Simple Ways to Troubleshoot Your Brake Lights
If you are an expert driver, you must be quite familiar with the brake lights issues. There are many problems that happened time and time around this car component, yet they are actually not that hard to solve. In fact, they tend to repeatedly cause the same problem so drivers can figure out what is wrong with your car when stepping on the pedal. So in this article, we will guide you thoroughly all the ways to troubleshoot your brake lights.
What is the Brake Light
First thing first, we need to know the definition of the brake light. In most automobiles, the tail lights and the brake lights are designed close together, and located on the same globe. To put it another way, there is an external cover for both of these lights.
In order to tell which is which, we need to know the function of each light. The brake light is exactly as it sounds: It will illuminate immediately when drivers apply pressure to the brakes. On the other hand, the tail lights will flash when car owners turn on the headlights. It also lights up when your parking brake is on. On many cars, the brake light will have a more luminous red, while the tail lights are normal red. Along with that, the rear lights also include back up white lights.
Troubleshooting the Brake Lights
One of More Lights Don’t Work
You must all see this issue before: only one of your vehicle’s brake lights work while two others don’t. If you are having this symptom, troubleshooting is very easy. In fact, it is actually easier than dealing with a situation where none works.
In the situation when the lower two lights or only the third brake light works, car owners can begin by checking the circuit fuses first. On some models, the manufacturers design a fuse to provide for the two lower brake lights and one more for the third light. So this is the first place to check.
If the circuit fuses are still working normally, time to pay the light bulbs a visit. On various automobiles, you can access the bulbs by opening the trunk or by removing the screws installed around the lens. In order to remove the bulb, car drivers push it down, turn counterclockwise about one fourth of a turn, then pull it free. Now we can examine each bulb. If the bulb is damaged or broken, it will be darkened and needs to be replaced. Along with that, car owners need to check to see if the filaments are in good condition. Remember to find the exact same type and wattage.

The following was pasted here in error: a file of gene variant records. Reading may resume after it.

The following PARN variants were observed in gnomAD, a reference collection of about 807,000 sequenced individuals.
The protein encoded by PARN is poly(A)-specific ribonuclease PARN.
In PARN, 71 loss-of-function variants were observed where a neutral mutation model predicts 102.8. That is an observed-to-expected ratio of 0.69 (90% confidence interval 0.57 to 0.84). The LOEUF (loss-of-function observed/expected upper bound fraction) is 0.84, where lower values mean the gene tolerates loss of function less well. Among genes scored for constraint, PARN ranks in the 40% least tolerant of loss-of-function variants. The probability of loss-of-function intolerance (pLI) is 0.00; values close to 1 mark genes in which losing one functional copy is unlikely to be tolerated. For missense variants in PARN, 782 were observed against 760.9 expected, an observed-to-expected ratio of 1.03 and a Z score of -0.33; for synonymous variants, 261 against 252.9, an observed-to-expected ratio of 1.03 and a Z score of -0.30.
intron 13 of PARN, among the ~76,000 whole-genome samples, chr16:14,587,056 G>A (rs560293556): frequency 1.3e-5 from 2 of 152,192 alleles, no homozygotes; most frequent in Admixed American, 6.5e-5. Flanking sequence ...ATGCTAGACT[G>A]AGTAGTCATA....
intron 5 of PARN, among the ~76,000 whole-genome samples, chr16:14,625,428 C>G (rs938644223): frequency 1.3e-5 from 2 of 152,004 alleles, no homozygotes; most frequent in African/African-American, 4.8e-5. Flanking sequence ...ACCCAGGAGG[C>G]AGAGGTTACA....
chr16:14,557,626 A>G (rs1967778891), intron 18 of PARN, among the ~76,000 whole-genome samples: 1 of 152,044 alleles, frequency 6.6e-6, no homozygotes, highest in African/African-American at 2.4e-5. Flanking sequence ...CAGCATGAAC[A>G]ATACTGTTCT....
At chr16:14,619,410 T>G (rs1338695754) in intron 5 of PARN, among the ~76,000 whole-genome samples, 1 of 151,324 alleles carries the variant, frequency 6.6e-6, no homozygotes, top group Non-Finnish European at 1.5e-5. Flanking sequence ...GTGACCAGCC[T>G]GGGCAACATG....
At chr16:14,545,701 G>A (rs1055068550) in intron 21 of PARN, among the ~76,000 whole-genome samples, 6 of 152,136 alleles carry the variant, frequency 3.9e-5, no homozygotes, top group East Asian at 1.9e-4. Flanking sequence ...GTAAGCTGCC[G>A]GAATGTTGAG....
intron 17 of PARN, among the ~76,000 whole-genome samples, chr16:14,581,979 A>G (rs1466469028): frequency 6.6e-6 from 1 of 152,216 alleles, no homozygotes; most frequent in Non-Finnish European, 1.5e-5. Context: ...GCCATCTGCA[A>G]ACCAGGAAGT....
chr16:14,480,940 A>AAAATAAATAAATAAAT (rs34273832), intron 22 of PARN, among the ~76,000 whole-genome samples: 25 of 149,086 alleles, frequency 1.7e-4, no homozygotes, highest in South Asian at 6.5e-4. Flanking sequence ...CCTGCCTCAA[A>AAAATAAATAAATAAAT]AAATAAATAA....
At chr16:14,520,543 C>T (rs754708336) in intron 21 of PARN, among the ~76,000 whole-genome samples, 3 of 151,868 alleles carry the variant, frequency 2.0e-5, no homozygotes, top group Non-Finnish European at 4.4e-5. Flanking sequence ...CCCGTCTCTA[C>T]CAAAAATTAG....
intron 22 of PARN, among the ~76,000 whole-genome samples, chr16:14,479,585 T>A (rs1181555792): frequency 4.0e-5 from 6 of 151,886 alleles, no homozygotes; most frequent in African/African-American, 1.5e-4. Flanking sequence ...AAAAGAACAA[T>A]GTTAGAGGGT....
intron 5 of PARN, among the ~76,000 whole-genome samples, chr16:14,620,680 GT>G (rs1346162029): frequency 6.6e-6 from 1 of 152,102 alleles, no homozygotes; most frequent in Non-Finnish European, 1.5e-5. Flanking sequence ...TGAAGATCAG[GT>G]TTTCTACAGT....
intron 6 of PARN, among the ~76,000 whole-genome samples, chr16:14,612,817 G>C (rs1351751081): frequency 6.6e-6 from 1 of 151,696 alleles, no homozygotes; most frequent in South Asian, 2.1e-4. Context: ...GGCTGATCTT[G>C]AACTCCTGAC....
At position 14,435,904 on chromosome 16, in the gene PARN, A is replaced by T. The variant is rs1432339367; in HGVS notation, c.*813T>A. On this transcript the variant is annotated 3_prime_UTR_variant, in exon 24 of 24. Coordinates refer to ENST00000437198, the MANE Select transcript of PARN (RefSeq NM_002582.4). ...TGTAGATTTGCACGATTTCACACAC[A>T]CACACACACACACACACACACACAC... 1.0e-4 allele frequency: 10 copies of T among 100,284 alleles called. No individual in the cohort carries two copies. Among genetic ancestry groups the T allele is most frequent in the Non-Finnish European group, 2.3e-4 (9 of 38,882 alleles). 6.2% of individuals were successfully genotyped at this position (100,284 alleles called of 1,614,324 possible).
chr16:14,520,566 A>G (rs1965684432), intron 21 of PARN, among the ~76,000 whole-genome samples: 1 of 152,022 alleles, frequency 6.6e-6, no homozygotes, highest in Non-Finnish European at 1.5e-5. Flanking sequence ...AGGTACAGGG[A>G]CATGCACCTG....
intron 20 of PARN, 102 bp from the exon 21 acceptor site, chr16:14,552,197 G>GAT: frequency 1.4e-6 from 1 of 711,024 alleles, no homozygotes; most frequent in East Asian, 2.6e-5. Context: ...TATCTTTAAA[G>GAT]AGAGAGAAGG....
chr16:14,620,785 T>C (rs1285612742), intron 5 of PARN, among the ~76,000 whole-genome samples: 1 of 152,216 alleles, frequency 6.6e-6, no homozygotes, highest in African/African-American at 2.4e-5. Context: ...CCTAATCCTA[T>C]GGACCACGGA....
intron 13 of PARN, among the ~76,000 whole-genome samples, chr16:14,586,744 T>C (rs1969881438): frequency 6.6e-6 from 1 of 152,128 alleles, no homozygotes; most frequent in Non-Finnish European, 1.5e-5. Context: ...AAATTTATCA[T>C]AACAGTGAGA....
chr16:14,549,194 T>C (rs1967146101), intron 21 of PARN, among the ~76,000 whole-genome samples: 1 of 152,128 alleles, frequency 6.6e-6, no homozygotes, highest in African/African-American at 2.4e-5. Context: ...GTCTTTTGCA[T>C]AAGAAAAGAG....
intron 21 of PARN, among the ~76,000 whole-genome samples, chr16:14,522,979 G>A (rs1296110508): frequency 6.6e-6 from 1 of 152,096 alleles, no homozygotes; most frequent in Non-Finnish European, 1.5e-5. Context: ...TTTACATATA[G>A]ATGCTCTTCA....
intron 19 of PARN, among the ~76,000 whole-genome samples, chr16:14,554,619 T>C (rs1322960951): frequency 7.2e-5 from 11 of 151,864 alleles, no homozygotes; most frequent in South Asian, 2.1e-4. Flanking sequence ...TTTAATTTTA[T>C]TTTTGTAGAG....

Nevertheless, if the light bulbs do not have any problem, you need to use your digital multimeter (DMM) to check for voltage at the socket. In order to fix this, we need to set the multimeter to DC voltage, along with pressing the tip of the red which leads to the contacts in the socket. And the black lead to the socket wall. If your car has voltage, most likely you also have a bad light bulb. However if there is no voltage, repeat the test but this time connect the black test lead to chassis ground.
If the second test started and there is voltage, remember to look for a bad ground connection on the socket. However, if there is no voltage, you need to check the bulb socket. There might be corrosion or loose wires. In this situation, drivers can use wire brushes to remove corrosion. Along with that, car owners can see if there is any faulty or damaged power feed wire between the brake light switch and the socket.
The last thing a driver can do is to check the ground connection at the socket. You need to connect a jumper wire between good chassis ground and the ground side of the socket. After that, you can apply pressure to the brake pedal when the light bulb is in the right place. If the bulb flashes, repair the socket ground connection. However, if the light bulb still does not flash, you need to look for an open between the wire current from the switch to the brake light.
No Light is Working
Now we come to the harder part: None of the brake lights work. In this situation, we need to focus on those devices or car parts that affect the whole process. In this article, our car experts will provide the list of car components that needed to be checked: fuse, turn light switch, brake light switch, and the part of brake light circuit.
Examining the Fuse